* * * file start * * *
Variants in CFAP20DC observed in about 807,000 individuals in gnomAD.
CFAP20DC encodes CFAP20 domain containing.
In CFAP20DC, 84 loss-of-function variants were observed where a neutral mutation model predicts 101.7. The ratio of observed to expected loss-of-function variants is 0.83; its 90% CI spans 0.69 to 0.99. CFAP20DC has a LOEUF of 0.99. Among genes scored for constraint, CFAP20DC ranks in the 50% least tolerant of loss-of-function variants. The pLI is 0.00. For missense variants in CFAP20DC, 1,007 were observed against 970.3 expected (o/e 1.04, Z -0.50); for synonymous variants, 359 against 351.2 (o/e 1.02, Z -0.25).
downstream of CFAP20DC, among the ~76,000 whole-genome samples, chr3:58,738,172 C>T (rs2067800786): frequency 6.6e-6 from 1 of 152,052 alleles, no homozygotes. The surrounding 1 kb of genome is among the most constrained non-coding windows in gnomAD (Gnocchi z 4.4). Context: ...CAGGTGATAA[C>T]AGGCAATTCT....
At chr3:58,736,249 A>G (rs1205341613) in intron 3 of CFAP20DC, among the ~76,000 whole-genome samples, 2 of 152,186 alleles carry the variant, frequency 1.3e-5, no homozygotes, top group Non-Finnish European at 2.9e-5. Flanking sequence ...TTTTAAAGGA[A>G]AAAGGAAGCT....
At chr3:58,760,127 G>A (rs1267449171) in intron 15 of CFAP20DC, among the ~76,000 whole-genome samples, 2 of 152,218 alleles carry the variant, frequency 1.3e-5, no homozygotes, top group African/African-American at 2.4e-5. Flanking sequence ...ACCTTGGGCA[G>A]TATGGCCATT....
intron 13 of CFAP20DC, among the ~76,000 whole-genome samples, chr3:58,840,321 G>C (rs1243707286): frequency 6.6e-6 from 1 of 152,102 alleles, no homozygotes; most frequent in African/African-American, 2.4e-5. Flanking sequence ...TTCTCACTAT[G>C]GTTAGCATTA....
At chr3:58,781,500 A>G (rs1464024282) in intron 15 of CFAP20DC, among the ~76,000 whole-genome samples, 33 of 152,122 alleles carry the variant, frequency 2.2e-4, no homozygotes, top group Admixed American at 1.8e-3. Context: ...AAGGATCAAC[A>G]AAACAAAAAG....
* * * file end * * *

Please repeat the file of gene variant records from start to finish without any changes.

Variants in CFAP20DC observed in about 807,000 individuals in gnomAD.
CFAP20DC encodes CFAP20 domain containing.
In CFAP20DC, 84 loss-of-function variants were observed where a neutral mutation model predicts 101.7. The ratio of observed to expected loss-of-function variants is 0.83; its 90% CI spans 0.69 to 0.99. CFAP20DC has a LOEUF of 0.99. Among genes scored for constraint, CFAP20DC ranks in the 50% least tolerant of loss-of-function variants. The pLI is 0.00. For missense variants in CFAP20DC, 1,007 were observed against 970.3 expected (o/e 1.04, Z -0.50); for synonymous variants, 359 against 351.2 (o/e 1.02, Z -0.25).
downstream of CFAP20DC, among the ~76,000 whole-genome samples, chr3:58,738,172 C>T (rs2067800786): frequency 6.6e-6 from 1 of 152,052 alleles, no homozygotes. The surrounding 1 kb of genome is among the most constrained non-coding windows in gnomAD (Gnocchi z 4.4). Context: ...CAGGTGATAA[C>T]AGGCAATTCT....
At chr3:58,736,249 A>G (rs1205341613) in intron 3 of CFAP20DC, among the ~76,000 whole-genome samples, 2 of 152,186 alleles carry the variant, frequency 1.3e-5, no homozygotes, top group Non-Finnish European at 2.9e-5. Flanking sequence ...TTTTAAAGGA[A>G]AAAGGAAGCT....
At chr3:58,760,127 G>A (rs1267449171) in intron 15 of CFAP20DC, among the ~76,000 whole-genome samples, 2 of 152,218 alleles carry the variant, frequency 1.3e-5, no homozygotes, top group African/African-American at 2.4e-5. Flanking sequence ...ACCTTGGGCA[G>A]TATGGCCATT....
intron 13 of CFAP20DC, among the ~76,000 whole-genome samples, chr3:58,840,321 G>C (rs1243707286): frequency 6.6e-6 from 1 of 152,102 alleles, no homozygotes; most frequent in African/African-American, 2.4e-5. Flanking sequence ...TTCTCACTAT[G>C]GTTAGCATTA....
At chr3:58,781,500 A>G (rs1464024282) in intron 15 of CFAP20DC, among the ~76,000 whole-genome samples, 33 of 152,122 alleles carry the variant, frequency 2.2e-4, no homozygotes, top group Admixed American at 1.8e-3. Context: ...AAGGATCAAC[A>G]AAACAAAAAG....